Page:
The bright nature of the L&H instruments makes them pretty special; they have a nearly bowlback-quality treble, with more bass than you'll ever get from a bowl. Strings that enhance that quality would seem to me to be preferable.
A pretty long non-answer to your specific question, alas.
Bob, thank you for the information. I had been thinking of using the Dogal/Calace medios as my bowlback has the Dogal dolces and I like them very much. Someone has also recommended using Argentine strings (Savarez), 1540X - are you familiar with those?
By the way, the back on that would respond beautifully to French polish...
Yes it would, mabey someday I'll find someone who's a french polish expert and have it done.
Hi Ilene. Never used the Argentine strings. If you like Dogals already, the medios are more of the same. They are rather more toothy than the light gauge, though.
So far as classical/bowlback strings are concerned, I've only used Dogal and Lenzners; I've rec'd a few instruments strung with GHS Classicals, and they seem OK to me, though some folks don't care for them. I don't think they're as high quality as the others, but they are cheaper, so it works out as a wash in the end.
So tell us about your bowlback. I love to find folks who enjoy those under-appreciated instruments, and the fact you already know about Dogals is indicative in itself.
(Do you check out the classical section here? There's lots of info on the whole bowl phenomenon down there).
I think I will order the Dogal/medios for the L&H - do you happen to know the gauge of the Dogal medios? The L&H came strung with GHS phosphor bronze med.light,A260 - I was surprised how easy it was to play since I'm used to playing with lighter strings and I think that I'd like to use the lightest string possible on this instrument.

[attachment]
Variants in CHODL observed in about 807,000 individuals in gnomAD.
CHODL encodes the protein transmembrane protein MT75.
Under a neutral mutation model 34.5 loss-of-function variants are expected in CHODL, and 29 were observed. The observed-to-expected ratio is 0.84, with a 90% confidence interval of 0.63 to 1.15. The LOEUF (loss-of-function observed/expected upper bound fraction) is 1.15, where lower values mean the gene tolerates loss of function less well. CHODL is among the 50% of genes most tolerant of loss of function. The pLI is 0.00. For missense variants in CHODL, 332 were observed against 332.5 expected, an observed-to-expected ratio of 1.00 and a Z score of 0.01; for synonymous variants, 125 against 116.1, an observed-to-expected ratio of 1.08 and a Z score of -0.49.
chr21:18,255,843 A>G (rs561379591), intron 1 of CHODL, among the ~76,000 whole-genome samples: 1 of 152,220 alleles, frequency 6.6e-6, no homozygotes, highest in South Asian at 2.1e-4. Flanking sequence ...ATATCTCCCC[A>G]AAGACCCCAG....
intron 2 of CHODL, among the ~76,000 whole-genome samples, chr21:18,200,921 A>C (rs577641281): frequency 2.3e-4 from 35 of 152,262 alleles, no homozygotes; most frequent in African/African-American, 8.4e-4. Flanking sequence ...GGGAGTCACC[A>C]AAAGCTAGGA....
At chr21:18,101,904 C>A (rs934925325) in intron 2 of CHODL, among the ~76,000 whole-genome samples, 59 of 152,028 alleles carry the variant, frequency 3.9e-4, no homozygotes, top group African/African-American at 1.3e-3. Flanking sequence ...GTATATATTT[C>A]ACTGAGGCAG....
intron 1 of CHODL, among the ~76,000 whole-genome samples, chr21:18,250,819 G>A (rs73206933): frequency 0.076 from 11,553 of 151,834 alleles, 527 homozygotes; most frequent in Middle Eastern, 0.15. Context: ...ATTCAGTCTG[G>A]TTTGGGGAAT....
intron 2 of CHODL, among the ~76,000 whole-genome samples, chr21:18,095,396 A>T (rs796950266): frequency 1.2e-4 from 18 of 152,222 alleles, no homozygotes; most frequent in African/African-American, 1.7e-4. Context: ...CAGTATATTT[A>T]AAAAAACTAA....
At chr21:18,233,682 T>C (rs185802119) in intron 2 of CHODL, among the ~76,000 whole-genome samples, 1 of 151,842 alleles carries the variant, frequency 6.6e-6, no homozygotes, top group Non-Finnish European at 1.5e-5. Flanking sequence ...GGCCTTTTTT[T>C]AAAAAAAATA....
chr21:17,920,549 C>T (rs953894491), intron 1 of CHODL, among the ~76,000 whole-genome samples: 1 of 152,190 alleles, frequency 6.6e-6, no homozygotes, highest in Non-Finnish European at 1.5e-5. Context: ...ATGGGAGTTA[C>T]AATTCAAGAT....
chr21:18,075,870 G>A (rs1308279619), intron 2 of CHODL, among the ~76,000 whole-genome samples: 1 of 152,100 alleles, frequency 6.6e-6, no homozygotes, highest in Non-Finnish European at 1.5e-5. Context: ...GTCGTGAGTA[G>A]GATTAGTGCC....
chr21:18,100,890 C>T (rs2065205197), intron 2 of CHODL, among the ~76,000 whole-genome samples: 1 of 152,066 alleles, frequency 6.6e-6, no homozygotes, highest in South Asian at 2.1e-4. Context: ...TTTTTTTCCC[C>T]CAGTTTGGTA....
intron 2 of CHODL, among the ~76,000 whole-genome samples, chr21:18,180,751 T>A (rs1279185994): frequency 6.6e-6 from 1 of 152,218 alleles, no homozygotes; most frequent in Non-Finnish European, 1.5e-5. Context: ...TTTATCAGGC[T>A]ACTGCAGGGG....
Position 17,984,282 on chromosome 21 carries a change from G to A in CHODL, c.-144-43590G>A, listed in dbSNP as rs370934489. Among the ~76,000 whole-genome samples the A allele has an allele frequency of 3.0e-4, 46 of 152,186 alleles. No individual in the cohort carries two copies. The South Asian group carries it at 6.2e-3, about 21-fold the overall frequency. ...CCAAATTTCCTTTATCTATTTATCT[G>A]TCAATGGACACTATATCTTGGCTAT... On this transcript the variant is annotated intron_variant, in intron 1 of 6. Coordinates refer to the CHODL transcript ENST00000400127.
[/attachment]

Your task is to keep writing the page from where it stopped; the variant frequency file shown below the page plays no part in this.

My bowlback is an American Conservatory (Lyon & healy) and I know this is supposed to be the least ornate of the line but I think it's gorgeous. It has a beautiful(cracking) tortoiseshell pickguard inlaid with an abalone butterfly and a smaller butterfly on the headstock. The wood is brazilian rosewood and spruce and it plays beautifully. If I can figure out how to post a photo I will do that.
The measurements I have for Dogal strings are as follows: Light (RW92b) 0.010, 0.014, 0.024, 0.035. For medio (RW92) 0.011, 0.014, 0.026, 0.038. Inches, of course. Take with a grain of salt; these are what I read on a micrometer, subject to eyeball error. Also subject to manufacturer's vagaries.
Lenzners are 0.009, 0.014(unwound) 0.015(wound A), 0.023, 0.035. I understand the company may have changed names recently; I haven't ordered strings for a while. The set with the wound A string was called "Consort"; they were made according to Het Consort requirements. Some folks found the wound A string to be somewhat fragile; my solution is to order two extra unwound strings (0.014) and replace the A string once it fails. The other strings are quite long-lasting, so you get two sets for the price of one-and-a-quarter.